An area that has not received enough attention in the past is conservation of total energy in baroclinic dynamical cores in practical applications such as climate change simulations. While of less importance for NWP, it is becoming critical for coupled climate system models. Thuburn (2006) discusses many issues associated with conservation in dynamical cores and trade-offs associated with different choices. Here we consider just one aspect which has become important in coupled climate system modeling. For coupled model climate change applications, the dynamical atmospheric component of climate system models must conserve energy to tenths of W m^-2 or better ( Boville 2000); a greater imbalance could produce drift of the deep ocean in a coupled system which is large enough to imply a non-equilibrium solution. Since the models have finite resolution, a means must be included to control the build up of kinetic energy at the smallest resolved scales in order to maintain a reasonable kinetic energy spectrum during long simulations. Many models including most based on spectral transform approximations add a horizontal diffusion term, often of [ del^4 form ], to control the energy at the smallest resolved scales. Other cores with shape preserving approximations may be able to control the smallest scales via monotonicity constraints in the numerical scheme and do not require an explicit diffusion term. In semi-Lagrangian schemes theinterpolants control the energy at the smallest resolved scales to some extent, but such models often include explicit diffusion as well. The energy loss associated with these damping mechanisms is around 2 W/m^2 at resolutions normally applied to climate simulation. This is clearly not negligible. As a result some models include a frictional heating term that corresponds to the momentum diffusion to make the momentum damping process conservative, e.g., the CAM (Collins et al. 2004). Dissipative heating associated with vertical momentum diffusion is also an issue for energy conservation, although this is usually considered as part of the parameterization suite rather than as part of the dynamical component. Boville and Bretherton (2003) present a consistent formulation for the heating due to kinetic energy dissipation associated with the vertical diffusion of momentum.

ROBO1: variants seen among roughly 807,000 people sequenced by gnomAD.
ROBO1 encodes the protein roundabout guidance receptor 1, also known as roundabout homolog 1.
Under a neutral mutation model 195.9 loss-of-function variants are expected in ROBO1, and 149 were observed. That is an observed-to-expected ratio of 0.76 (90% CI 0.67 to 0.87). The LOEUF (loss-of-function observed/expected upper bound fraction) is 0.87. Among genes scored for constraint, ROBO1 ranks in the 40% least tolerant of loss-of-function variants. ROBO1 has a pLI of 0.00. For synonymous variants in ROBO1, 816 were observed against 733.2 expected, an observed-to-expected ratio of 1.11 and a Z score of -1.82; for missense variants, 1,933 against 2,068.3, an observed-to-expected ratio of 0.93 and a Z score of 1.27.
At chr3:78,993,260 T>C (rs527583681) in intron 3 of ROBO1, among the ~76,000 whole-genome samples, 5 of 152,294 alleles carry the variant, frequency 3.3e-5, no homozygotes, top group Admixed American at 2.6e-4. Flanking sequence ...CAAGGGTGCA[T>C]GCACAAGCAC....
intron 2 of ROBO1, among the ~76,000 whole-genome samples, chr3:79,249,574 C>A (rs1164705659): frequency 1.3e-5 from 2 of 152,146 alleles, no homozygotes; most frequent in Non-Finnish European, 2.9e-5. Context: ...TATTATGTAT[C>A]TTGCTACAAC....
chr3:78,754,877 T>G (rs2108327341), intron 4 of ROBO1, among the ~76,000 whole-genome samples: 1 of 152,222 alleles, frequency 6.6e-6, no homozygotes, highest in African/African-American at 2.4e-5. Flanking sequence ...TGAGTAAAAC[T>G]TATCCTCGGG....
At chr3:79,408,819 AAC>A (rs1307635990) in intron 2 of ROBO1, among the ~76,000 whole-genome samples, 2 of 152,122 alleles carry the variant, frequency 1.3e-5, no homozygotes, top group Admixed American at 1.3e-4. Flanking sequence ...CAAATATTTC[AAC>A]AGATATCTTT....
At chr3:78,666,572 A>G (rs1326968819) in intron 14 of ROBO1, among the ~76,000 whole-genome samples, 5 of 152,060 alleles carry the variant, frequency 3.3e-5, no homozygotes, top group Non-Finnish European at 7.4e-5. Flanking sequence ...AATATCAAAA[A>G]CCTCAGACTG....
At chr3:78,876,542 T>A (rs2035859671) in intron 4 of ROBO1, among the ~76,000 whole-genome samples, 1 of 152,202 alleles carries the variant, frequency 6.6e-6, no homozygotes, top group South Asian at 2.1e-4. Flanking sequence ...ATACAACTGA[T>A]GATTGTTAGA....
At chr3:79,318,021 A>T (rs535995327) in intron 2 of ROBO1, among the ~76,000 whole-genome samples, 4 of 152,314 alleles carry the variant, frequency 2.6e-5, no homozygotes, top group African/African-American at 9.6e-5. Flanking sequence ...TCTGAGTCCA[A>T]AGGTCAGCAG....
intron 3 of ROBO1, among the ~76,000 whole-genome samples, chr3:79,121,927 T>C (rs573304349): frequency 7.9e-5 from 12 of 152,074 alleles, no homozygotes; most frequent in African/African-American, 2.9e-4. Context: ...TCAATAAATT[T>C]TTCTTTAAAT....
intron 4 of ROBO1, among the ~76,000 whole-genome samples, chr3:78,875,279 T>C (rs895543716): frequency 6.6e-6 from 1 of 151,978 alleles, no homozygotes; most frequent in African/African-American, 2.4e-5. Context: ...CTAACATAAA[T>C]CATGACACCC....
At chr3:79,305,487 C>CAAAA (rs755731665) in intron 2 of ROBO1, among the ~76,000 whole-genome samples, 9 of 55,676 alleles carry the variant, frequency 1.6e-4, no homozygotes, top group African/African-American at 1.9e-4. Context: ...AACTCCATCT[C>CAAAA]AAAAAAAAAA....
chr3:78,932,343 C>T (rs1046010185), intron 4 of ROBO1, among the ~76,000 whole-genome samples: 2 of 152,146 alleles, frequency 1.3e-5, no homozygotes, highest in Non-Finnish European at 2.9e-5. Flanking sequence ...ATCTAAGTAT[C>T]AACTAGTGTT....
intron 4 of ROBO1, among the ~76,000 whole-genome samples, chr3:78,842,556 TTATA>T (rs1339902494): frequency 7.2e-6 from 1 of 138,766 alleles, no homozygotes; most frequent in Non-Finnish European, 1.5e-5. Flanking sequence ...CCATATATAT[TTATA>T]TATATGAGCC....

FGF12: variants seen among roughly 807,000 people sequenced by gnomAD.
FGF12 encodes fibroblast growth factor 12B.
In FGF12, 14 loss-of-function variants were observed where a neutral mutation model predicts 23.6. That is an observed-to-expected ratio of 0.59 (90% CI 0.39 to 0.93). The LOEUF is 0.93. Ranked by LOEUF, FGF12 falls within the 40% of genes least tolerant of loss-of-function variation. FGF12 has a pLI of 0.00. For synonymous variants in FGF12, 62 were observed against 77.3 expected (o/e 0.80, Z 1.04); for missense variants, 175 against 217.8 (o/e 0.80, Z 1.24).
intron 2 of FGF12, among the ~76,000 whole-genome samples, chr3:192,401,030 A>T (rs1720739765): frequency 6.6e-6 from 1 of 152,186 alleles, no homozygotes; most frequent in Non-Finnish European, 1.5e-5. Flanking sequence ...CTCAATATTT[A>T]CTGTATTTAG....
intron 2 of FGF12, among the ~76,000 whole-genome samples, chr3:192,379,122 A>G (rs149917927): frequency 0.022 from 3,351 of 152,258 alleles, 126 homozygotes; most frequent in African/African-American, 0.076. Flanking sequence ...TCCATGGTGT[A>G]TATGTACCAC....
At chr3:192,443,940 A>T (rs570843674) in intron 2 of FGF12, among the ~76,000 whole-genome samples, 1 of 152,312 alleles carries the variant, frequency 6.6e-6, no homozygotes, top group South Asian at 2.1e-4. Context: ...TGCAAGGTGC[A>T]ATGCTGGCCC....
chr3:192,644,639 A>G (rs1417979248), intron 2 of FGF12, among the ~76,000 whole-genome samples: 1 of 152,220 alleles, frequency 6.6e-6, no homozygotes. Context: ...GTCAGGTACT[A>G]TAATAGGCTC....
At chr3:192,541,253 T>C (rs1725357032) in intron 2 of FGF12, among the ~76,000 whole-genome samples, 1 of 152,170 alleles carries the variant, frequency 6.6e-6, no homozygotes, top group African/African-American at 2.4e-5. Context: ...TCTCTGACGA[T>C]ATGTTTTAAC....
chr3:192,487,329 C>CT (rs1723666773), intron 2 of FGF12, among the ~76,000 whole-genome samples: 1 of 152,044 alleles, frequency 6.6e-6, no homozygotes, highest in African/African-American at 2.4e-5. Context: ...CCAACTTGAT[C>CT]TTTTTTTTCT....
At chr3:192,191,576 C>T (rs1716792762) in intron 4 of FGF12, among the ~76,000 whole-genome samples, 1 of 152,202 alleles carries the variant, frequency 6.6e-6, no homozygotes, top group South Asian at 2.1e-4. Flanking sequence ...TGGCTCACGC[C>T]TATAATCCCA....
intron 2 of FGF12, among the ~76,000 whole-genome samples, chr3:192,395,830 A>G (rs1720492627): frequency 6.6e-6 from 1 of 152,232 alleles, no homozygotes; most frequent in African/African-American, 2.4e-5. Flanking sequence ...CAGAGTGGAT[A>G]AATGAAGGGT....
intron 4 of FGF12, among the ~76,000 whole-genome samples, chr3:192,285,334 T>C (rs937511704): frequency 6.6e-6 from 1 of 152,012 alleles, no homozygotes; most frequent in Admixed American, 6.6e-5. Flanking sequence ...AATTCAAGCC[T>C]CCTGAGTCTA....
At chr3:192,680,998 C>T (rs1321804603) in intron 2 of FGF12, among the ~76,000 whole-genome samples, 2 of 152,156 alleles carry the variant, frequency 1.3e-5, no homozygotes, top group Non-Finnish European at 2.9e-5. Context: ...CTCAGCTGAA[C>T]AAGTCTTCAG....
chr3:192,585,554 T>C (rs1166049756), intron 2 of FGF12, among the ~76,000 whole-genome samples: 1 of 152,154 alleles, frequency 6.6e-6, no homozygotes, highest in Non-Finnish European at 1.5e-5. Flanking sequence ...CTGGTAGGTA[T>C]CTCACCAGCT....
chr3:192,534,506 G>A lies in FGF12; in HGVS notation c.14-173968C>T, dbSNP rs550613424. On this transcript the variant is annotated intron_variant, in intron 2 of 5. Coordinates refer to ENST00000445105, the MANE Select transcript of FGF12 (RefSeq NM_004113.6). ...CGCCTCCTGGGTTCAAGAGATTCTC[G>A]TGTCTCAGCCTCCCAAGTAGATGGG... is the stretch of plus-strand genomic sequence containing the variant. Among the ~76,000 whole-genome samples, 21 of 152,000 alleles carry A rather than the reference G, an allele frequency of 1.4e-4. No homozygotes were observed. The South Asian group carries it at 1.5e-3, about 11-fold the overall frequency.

Although the frictional heating associated with an explicit horizontal momentum diffusion seems a reasonable approach, it is somewhat arbitrary and does not capture the true energetics of the system. Such heating provides for a greater degree of energy conservation than described above, but terms such as diffusion on temperature lead to lack of conservation in the tenths of W/m^2 range. In formulations in which monotonicity constraints might control the smallest scales the energy loss due to the inherent damping is not explicitly known and cannot be compensated by a frictional heating term such as that associated with explicit diffusion. Thus to compensate for these unknown sinks an a posterior energy fixer has been included in some models to ensure conservation. An example is the CAM in which one is applied every time step (Collins et al. 2004). Care must be taken in defining such fixers to ensure they do not affect the flow in adverse ways. An example of where an energy fixer did just that is illustrated in Williamson et al. (2007). Tomita and Satoh (2004) avoid this problem by formulating their approximations to guarantee conservation of mass and total energy. It remains to be seen if the kinetic energy and temperature variance spectra in very long runs are consistent with atmospheric estimates.

Thuburn, J., 2006: Some conservation issues for the dynamical cores of NWP and climate models. J. Comput. Phys., doi:10.1016/

Boville, B.A., 2000: Toward a complete model of the climate system. In P. Mote and A. O’Neill (eds.), Numerical Modeling of the Global Atmosphere in the Climate System, Kluwer Academic Publishers, 419–442.

Collins, W.D., P.J. Rasch, B.A. Boville, J.J. Hack, J.R. McCaa, D.L. Williamson, J.T. Kiehl, B. Briegleb, C. Bitz, S.-J. Lin, M. Zhang, and Y. Dai, 2004: Description of the NCAR Community Atmosphere Model (CAM3.0). NCAR Technical Note NCAR / TN-464+STR, xii+214 pp.

Boville, B.A. and C.S. Bretherton, 2003: Heating and Kinetic Energy Dissipation in the NCAR Community Atmosphere Model. J. Climate, 16, 3877–3887.

Williamson, D.L., J.G. Olson, and C. Jablonowski, 2007: Two Dynamical Core Formulation Flaws Exposed by a Baroclinic Instability Test Case. To be submitted to Mon. Wea. Rev.